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From bh...@gensym.com (Ben Hyde)
Subject Closure
Date Thu, 07 May 1998 13:53:09 GMT

Jim Jagielski wrote:
> Is that a +1, -1 or 0 :) :)
> 
> Ben Hyde wrote:
> > 
> > The first frost, the hard frost, the leaves composed, the snow fell, the
> ...
> > > Rodent of Unusual Size wrote:
> > > > 
> > > > Tested.. votes?  Possible for 1.3, Brian?  MMN will need to be

I don't have the responsiblity of a vote, so that
would be a petition from a friend of the court.

It was a mistake though.  I haven't an opinion about
this patch.  It just reminded me of my primary
concern - that I may have to wait a very long time to
get a stable useful NT Apache for my customers.

I've spent more than a few hours over the last two
months pondering if there are devices that might
expidite the Apache release to closure.

It's important to me since I'm growing bored with all
this.  I'd like to: do my Beta, declare sucess, and
then dive into some other esoteric boondoggle.

In my private model of software projects I call this
"nailing the lid on the coffin."  I think there are
four levers you pull to make it happen.

(1) reduce inputs, (2) expidite, (3) manufacture buy
in, and (4) cancel stuff.

(1) tighten severely the permission to pile on 
  additional work.  

This is good because of two effects.  Labor,
precluded from working on fun/easy/amusing projects,
might then turn toward the remaining hard tedious
work.  The large risk of one of these "little" things
exploding in your face is eliminated.  The only risk
is that good people will wander off on forks that
can't be brought back at reasonable cost.  [[This is
a varient of the general rule that "piling on" kills
projects]]

(2) expidite process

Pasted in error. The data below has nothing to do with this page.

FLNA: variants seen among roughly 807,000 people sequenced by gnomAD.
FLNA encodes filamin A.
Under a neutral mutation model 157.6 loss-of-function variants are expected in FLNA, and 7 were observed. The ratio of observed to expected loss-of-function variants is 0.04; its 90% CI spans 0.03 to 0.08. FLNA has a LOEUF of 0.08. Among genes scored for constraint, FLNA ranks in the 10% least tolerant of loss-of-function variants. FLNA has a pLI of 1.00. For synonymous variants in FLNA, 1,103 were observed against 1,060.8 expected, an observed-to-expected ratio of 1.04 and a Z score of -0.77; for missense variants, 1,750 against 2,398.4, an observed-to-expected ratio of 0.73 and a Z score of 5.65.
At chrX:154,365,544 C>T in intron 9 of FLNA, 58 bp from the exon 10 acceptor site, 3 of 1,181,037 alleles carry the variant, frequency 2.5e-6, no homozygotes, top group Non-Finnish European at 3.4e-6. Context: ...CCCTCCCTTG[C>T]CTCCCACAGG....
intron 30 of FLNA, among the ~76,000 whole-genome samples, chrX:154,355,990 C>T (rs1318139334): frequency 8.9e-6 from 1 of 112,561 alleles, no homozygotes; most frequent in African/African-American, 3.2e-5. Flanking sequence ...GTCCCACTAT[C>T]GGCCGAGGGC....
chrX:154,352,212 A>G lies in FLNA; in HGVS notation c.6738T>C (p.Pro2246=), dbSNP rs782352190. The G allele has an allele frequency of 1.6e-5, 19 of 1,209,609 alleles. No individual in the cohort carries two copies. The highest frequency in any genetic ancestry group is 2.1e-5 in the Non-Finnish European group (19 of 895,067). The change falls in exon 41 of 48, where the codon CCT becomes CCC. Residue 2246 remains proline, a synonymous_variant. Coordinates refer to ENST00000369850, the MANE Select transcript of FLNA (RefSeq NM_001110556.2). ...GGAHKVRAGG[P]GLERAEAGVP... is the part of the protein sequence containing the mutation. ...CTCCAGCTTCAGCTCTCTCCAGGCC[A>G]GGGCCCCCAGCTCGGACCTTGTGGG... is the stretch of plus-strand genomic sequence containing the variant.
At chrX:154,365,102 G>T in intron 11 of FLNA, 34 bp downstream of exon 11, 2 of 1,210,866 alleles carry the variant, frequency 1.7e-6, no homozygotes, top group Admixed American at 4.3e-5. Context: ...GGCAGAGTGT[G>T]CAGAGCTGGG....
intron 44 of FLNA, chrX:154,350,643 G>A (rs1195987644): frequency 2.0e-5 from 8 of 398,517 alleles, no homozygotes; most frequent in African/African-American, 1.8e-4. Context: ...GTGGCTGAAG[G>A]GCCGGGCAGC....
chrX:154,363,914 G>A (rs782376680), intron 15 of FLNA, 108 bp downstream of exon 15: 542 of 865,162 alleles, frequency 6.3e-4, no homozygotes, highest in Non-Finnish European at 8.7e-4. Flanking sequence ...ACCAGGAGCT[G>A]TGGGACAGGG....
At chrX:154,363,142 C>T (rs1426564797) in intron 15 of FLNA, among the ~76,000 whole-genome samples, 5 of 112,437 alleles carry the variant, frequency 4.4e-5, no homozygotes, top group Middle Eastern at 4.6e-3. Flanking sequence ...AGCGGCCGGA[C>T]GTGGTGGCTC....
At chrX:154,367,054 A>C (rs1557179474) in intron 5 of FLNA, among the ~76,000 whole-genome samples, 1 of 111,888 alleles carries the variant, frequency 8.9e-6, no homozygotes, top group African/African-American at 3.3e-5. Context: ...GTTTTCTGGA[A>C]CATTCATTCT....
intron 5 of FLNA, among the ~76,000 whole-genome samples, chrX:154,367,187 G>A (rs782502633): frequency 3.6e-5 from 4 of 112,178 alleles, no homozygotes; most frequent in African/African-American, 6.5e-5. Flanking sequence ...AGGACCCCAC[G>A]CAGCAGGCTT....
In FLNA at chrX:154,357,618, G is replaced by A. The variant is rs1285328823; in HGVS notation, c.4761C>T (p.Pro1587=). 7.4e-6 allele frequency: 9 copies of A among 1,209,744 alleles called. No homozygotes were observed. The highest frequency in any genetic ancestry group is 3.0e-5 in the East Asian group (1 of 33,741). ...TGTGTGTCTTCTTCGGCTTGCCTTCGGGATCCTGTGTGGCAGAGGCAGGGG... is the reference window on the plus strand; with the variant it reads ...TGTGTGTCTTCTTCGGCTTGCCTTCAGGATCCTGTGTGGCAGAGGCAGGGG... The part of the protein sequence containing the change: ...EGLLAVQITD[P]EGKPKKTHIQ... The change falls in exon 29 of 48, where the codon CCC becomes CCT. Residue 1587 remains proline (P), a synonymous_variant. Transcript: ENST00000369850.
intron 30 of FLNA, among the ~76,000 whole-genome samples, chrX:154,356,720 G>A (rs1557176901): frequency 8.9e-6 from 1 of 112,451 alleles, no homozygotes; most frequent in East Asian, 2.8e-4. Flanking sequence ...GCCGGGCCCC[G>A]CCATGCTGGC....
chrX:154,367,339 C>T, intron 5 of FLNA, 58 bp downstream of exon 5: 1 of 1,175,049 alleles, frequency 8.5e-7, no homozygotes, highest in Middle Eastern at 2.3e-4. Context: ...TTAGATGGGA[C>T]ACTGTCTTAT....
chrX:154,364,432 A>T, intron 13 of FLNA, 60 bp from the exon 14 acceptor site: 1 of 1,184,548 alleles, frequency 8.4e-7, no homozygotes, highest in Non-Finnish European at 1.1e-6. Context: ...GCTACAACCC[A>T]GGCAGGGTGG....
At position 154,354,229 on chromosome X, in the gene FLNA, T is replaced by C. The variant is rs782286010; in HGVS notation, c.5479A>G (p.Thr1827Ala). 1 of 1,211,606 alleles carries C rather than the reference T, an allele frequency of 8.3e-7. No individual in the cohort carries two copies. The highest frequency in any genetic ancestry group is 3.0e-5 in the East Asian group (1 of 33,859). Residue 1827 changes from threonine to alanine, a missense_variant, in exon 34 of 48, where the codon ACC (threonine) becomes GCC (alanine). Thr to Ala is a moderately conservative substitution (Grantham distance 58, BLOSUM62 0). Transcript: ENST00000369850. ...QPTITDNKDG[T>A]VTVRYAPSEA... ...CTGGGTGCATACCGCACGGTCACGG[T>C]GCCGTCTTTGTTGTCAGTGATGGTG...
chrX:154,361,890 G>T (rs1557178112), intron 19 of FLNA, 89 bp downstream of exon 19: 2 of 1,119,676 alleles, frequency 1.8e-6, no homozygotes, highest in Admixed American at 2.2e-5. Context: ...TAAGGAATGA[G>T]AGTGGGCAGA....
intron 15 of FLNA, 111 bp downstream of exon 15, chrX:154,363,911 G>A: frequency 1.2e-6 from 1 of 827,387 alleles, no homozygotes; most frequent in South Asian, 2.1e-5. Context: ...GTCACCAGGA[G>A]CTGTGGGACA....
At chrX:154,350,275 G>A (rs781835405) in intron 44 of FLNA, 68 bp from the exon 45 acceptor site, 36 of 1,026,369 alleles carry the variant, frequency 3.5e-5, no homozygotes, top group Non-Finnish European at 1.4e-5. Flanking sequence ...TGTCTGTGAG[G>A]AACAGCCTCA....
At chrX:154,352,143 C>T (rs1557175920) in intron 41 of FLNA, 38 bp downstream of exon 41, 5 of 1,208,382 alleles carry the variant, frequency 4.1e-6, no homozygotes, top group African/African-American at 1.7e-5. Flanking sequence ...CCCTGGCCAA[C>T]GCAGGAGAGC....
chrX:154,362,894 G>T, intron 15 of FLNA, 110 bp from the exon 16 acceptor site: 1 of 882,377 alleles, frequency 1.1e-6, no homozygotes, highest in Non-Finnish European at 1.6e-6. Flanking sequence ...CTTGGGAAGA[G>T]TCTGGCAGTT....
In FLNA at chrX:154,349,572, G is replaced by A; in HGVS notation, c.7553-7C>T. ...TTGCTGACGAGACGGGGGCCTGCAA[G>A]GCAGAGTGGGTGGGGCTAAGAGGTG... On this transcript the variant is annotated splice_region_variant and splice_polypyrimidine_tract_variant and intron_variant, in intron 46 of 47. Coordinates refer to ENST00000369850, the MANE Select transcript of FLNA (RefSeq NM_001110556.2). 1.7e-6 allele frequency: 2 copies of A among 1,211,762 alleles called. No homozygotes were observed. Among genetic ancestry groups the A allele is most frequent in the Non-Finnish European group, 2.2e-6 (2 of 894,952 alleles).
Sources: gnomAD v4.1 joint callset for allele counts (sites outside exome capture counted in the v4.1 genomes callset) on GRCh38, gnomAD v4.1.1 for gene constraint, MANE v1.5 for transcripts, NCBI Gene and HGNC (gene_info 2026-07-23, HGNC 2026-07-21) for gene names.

This is the only part of the process I believe
benifits from a daily meeting.  It can get a good
team sprit effect going that can substitute for the
pleasure of fresh interesting work.  This is when I
keep a public todo list - with names.  The risk of
this is that developers/cats don't like the close
control this implies.  [[This is a varient of "delay"
kills projects]]
 
(3) buy in

This is where a deadline is a huge help.  The "burn
the bridge behind the army" technique.  A public
promise, a customer demo, a trade show booth, etc.
Rhetoric can be helpful, it can backfire though.  By
the way, authority is useless at this point if you
boss people around at the point of closure they are
sure to quit immediately afterward.

(4) murder straglers

Tragic as it is you have to kill your young at this
point.  The risk is ovious, anger.  If your lucky you
let these projects fall off the wagon thru neglect
rather than with a act of violence.

---

I've enjoyed thinking about how every institution of
the for profit company has a mimic in the open
software community.  For example the shipping
department is mimic'd (sic) by the mirrors.

The open software community needs a conference to
provide deadlines.  As it is we are stuck with 
reteroric to achieve buy in.  I've not found the
mimic for the daily release meeting.

The way the namespace project went cancerous is a
textbook example of the risk of small projects
piling on late in a project.  That experiance ought
to frighten everybody into wanting closure now rather
than later.

I'm very happy that Brian's been doing some
more serious expiditing.

 - ben hyde


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